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Lemon Balm Herb, Tea and Oil Benefits


Scientific Name(S): Melissa officinalis L. Family Lamiaceae (Mints)

Common Name(S): Lemon balm, balm, melissa, sweet balm

Lemon balm ( Melissa officinalis ), a member of the mint family, has long been considered a "calming" herb. It has been used since the Middle Ages to reduce stress and anxiety, promote sleep, improve appetite, and ease pain and discomfort associated with digestion (including flatulence and bloating as well as colic). Even before the Middle Ages, lemon balm was steeped in wine to lift the spirits, help heal wounds, and treat venomous insect bites and stings. Today, lemon balm is often combined with other calming, soothing herbs, such as valerian, to enhance the overall relaxing effect.

History: Lemon balm has been used in herbal medicine since the times of Pliny, Dioscorides, Paracelsus, and Gerard. The name "melissa" corresponds to the Greek word for bee, while "balm" is a contraction of balsam. The plant has found both culinary and medicinal uses, with the principal historical medicinal uses being carminative, diaphoretic, and antipyretic.

Uses of Lemon Balm

Lemon Balm is edible and medicinal. Fresh leaves can be added to salad or used in egg dishes and can be used to make sauces for fish, poultry and pork. Dried or fresh the whole plant is used to make cool refreshing drinks or warm relaxing teas. Used in alternative medicine the leaves and young flowering shoots are antibacterial, antispasmodic, antiviral, carminative, diaphoretic, digestive, emmenagogue, febrifuge, sedative, and tonic. Balm contains a volatile oil citral and citronella which is strongly antispasmodic and aids in calming nerves, relieving menstrual cramps, insomnia, depression, hyperthyroidism, upset stomach, and colic in babies.

Lemon balm has been used for Graves' disease as a sedative, antispasmodic, and a topical agent for cold sores.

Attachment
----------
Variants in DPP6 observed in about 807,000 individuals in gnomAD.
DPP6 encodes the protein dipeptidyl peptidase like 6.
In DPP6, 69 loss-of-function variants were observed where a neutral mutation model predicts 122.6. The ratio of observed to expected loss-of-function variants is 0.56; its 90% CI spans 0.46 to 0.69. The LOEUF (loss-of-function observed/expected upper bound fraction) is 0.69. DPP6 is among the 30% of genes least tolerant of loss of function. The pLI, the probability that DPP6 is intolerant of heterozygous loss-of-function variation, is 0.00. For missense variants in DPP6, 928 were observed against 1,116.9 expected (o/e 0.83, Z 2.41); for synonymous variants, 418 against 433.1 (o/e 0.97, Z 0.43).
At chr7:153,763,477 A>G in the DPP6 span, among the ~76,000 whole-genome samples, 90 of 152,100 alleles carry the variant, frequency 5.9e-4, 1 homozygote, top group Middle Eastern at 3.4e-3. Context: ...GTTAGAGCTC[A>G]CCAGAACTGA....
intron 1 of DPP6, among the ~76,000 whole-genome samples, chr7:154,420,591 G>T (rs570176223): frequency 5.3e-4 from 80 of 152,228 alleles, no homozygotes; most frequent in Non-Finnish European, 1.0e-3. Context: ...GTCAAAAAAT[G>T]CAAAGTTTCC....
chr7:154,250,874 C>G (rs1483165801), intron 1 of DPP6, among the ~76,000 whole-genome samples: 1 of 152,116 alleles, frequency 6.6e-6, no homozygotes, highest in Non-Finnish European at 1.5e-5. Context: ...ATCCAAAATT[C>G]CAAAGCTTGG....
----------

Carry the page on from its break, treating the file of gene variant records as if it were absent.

Side Effects of Lemon Balm

No side effects have been reported.


The German Commission E monograph suggests 1.5-4.5 grams of lemon balm in a tea several times daily. The herb can be steeped for ten to fifteen minutes in 150 ml of boiling water to make the tea. Tincture can also be used at 2-3 ml three times per day. Concentrated extracts, 160-200 mg 30 minutes to one hour before bed, are sometimes recommended for insomnia Highly concentrated topical extract ointments for herpes can be applied three to four times per day to lesions.

Lemon balm is frequently combined with other medicinal plants. For example, peppermint and lemon balm together are effective for calming upset stomach. Valerian is often combined with lemon balm for insomnia. Bugleweed (Lycopus virginicus) and lemon balm have been used together for Graves' disease.

Toxicology: The antithyroid activity of melissa extract mentioned above is weak enough that it does not present a serious safety concern in patients without Graves' disease. The topical use for herpes cold sores has not produced any reports of dermal toxicity. Melissa extract was not found to be genotoxic in a screen of several medicinal plants.

Summary: Lemon balm may be of use as a topical agent for cold sores, and it appears to have potential use as a mild sedative. No side effects have been reported.

Lemon balm is approved in the German Commission E monographs for nervous sleeping disorders and functional GI complaints. It is also monographed in ESCOP F-2, WHO vol. 2, and BHP vol. 2. An AHP monograph is in progress.

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